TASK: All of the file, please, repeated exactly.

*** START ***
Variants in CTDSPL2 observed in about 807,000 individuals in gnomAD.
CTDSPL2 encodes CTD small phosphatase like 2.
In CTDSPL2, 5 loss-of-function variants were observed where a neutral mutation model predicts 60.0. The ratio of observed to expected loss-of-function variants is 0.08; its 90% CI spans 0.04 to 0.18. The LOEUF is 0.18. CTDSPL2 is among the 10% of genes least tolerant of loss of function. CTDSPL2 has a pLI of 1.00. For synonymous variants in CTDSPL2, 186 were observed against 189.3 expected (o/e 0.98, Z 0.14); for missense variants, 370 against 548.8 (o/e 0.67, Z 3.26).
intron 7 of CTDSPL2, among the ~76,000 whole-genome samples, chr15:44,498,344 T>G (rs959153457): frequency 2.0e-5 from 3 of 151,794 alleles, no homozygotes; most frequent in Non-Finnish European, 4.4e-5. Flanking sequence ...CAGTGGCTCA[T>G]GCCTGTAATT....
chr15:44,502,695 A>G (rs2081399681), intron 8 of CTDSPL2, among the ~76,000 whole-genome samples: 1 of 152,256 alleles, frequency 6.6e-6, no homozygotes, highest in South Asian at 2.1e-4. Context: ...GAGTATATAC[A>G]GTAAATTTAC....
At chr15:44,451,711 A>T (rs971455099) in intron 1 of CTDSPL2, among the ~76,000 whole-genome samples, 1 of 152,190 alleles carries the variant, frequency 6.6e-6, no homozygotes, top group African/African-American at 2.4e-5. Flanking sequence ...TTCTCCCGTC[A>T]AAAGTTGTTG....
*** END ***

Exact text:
Variants in CTDSPL2 observed in about 807,000 individuals in gnomAD.
CTDSPL2 encodes CTD small phosphatase like 2.
In CTDSPL2, 5 loss-of-function variants were observed where a neutral mutation model predicts 60.0. The ratio of observed to expected loss-of-function variants is 0.08; its 90% CI spans 0.04 to 0.18. The LOEUF is 0.18. CTDSPL2 is among the 10% of genes least tolerant of loss of function. CTDSPL2 has a pLI of 1.00. For synonymous variants in CTDSPL2, 186 were observed against 189.3 expected (o/e 0.98, Z 0.14); for missense variants, 370 against 548.8 (o/e 0.67, Z 3.26).
intron 7 of CTDSPL2, among the ~76,000 whole-genome samples, chr15:44,498,344 T>G (rs959153457): frequency 2.0e-5 from 3 of 151,794 alleles, no homozygotes; most frequent in Non-Finnish European, 4.4e-5. Flanking sequence ...CAGTGGCTCA[T>G]GCCTGTAATT....
chr15:44,502,695 A>G (rs2081399681), intron 8 of CTDSPL2, among the ~76,000 whole-genome samples: 1 of 152,256 alleles, frequency 6.6e-6, no homozygotes, highest in South Asian at 2.1e-4. Context: ...GAGTATATAC[A>G]GTAAATTTAC....
At chr15:44,451,711 A>T (rs971455099) in intron 1 of CTDSPL2, among the ~76,000 whole-genome samples, 1 of 152,190 alleles carries the variant, frequency 6.6e-6, no homozygotes, top group African/African-American at 2.4e-5. Flanking sequence ...TTCTCCCGTC[A>T]AAAGTTGTTG....